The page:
Food banks across Ottawa are adapting not only to the increase in need because of the pandemic but also to the city’s changing and diverse population which is creating demand for culturally appropriate food.

The Ottawa Food Bank, for example, is running a pilot project to provide culturally appropriate food hampers. Samantha Ingram, the OFB’s communications manager, said “we are polling our participating food programs to find out what the most recommended products are.”

Those answers will help decide what food is in demand by members of different communities in the Ottawa area.

There are 14 community food banks collaborating with the Ottawa Food Bank on the project. It is hoped that the data collected will help improve food purchasing and make for a more diverse selection of products for those in need.

According to the Toronto Fallout Report, which examined seven months under the pandemic in Canada’s largest city, before the pandemic only 10 per cent of white households reported food insecurity, compared to 28 per cent of Black households. Indigenous, Black and people of colour in Canada also have unemployment rates twice as high as those experienced by white Canadians, the report noted.

The link between food insecurity, race and lack of access to culturally appropriate produce and other items is apparent across Canada.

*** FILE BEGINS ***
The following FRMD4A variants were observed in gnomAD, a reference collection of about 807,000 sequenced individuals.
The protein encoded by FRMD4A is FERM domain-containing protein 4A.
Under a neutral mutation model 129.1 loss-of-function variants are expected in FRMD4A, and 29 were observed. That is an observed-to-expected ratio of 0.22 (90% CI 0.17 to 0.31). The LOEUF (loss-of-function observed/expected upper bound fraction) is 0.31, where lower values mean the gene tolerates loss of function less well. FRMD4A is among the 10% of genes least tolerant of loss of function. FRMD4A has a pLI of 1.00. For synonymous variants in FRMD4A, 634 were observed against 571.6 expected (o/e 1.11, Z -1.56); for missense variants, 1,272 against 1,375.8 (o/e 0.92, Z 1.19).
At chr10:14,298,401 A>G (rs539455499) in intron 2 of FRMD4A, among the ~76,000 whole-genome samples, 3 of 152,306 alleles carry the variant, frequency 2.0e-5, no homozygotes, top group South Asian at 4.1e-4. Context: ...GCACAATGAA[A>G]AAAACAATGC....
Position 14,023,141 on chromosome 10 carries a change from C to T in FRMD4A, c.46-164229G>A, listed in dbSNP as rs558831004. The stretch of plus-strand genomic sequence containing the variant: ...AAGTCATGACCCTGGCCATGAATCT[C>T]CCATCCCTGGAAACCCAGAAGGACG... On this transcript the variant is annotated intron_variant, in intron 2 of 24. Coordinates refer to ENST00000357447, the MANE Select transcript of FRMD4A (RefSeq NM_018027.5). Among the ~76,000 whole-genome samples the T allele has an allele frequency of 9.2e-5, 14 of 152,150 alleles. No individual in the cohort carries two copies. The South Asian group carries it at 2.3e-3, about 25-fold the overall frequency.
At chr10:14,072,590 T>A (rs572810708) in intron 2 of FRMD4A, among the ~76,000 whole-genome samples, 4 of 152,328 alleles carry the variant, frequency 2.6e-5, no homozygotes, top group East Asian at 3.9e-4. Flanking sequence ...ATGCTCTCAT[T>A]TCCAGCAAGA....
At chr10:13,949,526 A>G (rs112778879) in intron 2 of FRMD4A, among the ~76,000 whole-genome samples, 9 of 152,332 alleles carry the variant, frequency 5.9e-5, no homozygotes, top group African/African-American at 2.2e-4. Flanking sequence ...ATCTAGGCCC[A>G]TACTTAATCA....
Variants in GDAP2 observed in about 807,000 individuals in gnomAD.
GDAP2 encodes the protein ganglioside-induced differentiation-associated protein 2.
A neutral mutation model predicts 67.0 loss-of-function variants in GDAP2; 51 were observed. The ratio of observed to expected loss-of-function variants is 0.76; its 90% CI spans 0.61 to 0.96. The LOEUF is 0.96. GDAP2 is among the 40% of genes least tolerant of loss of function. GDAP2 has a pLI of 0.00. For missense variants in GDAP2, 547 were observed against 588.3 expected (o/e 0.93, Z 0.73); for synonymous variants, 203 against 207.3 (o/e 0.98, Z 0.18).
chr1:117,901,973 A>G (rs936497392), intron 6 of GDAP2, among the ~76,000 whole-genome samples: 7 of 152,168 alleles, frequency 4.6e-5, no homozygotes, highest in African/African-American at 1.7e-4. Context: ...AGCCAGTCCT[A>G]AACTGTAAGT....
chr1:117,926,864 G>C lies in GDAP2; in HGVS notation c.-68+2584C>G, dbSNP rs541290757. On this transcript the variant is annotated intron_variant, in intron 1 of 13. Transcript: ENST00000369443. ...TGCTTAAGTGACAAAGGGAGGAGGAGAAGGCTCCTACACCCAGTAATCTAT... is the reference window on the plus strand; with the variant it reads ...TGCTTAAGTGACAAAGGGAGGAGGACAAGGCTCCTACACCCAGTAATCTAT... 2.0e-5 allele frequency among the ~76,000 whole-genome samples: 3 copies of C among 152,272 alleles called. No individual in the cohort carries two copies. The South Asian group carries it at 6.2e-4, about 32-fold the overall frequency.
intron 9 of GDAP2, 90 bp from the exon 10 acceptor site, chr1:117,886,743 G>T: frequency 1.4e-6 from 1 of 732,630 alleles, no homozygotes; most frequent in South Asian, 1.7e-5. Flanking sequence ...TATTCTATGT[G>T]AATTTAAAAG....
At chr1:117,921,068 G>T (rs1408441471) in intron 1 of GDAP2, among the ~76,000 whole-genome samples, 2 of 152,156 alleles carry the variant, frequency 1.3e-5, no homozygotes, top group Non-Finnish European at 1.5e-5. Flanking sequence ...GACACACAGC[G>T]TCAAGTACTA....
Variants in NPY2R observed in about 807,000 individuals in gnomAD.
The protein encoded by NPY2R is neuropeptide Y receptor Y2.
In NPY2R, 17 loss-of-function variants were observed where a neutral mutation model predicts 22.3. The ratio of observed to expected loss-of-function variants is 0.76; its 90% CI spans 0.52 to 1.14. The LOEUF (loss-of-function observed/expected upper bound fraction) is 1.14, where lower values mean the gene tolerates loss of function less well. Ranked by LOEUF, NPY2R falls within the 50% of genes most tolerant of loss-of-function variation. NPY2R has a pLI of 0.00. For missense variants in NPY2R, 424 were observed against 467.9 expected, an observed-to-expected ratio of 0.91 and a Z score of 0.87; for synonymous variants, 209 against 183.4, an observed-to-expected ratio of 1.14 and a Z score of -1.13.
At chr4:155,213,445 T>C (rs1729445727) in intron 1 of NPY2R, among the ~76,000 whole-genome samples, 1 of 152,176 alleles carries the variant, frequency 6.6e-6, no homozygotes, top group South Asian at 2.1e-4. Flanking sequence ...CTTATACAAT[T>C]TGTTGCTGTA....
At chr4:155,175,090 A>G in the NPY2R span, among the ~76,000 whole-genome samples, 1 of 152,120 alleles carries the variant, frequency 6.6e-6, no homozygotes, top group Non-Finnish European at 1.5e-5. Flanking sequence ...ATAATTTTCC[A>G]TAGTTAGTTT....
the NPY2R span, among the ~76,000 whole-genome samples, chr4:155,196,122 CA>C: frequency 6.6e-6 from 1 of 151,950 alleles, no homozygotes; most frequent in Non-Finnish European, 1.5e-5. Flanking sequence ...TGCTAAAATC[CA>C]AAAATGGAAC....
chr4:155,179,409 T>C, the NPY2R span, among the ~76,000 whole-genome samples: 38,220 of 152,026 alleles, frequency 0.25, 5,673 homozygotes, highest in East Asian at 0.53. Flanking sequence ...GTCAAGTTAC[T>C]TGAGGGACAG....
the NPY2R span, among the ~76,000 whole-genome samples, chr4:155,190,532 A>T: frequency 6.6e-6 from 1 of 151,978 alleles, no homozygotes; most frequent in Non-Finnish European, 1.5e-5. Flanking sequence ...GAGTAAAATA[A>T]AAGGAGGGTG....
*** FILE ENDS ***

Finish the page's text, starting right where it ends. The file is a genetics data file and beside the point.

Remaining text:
Source: Statistics Canada, Canadian Community Health Survey (CCHS), 2017-18. Graph by Piper McWilliams.

Karen Secord, executive director of Parkdale Food Centre in Hintonburg, said that it is a travesty that people in Ottawa don’t have enough income to meet a basic human need like food.

She says that Parkdale offers a variety of foods, including unlimited fresh fruits and vegetables. Not only does the centre provide a diverse food selection for those in need, but it also hosts cooking classes every Thursday and provides delivery within a five-kilometre radius of its Rosemount Avenue location.

 Over the past few years, the Parkdale Food Centre has begun sourcing a better variety of foods for people of different backgrounds. Secord said immigrant families and refugees especially look to food banks as they get settled in Canada, but they are not always provided with the most nutritious food nor foods they are familiar with.

That’s why the centre has tried to diversify its food supply to better meet the needs of our multicultural city.

Culturally appropriate food

The CUSA Food Centre at Carleton University is also trying to make culturally appropriate food more accessible for students.

“This month, the CUSA Food Centre is hosting our first International Food Month,” said Lily Huang, the centre’s programming co-ordinator. For the event, different campus clubs are creating cooking tutorials featuring a dish from their national cuisine to be posted to their Instagram page.

Huang said that “by providing culturally appropriate food, it helps students feel included and comfortable accessing the food centre.” Students see food that they have eaten in their home country and they know how to prepare it.

“Many international students use our services, so providing culturally appropriate food helps them feel more at home in Canada” explained Huang.

Problems at the intersection of food security, poverty and race are confronting cities across Canada. To address these issues, food banks are moving to provide a variety of nutritious and culturally appropriate food to help their clients feel more comfortable and gain the tools they need to not only prepare the food but to help themselves become food secure.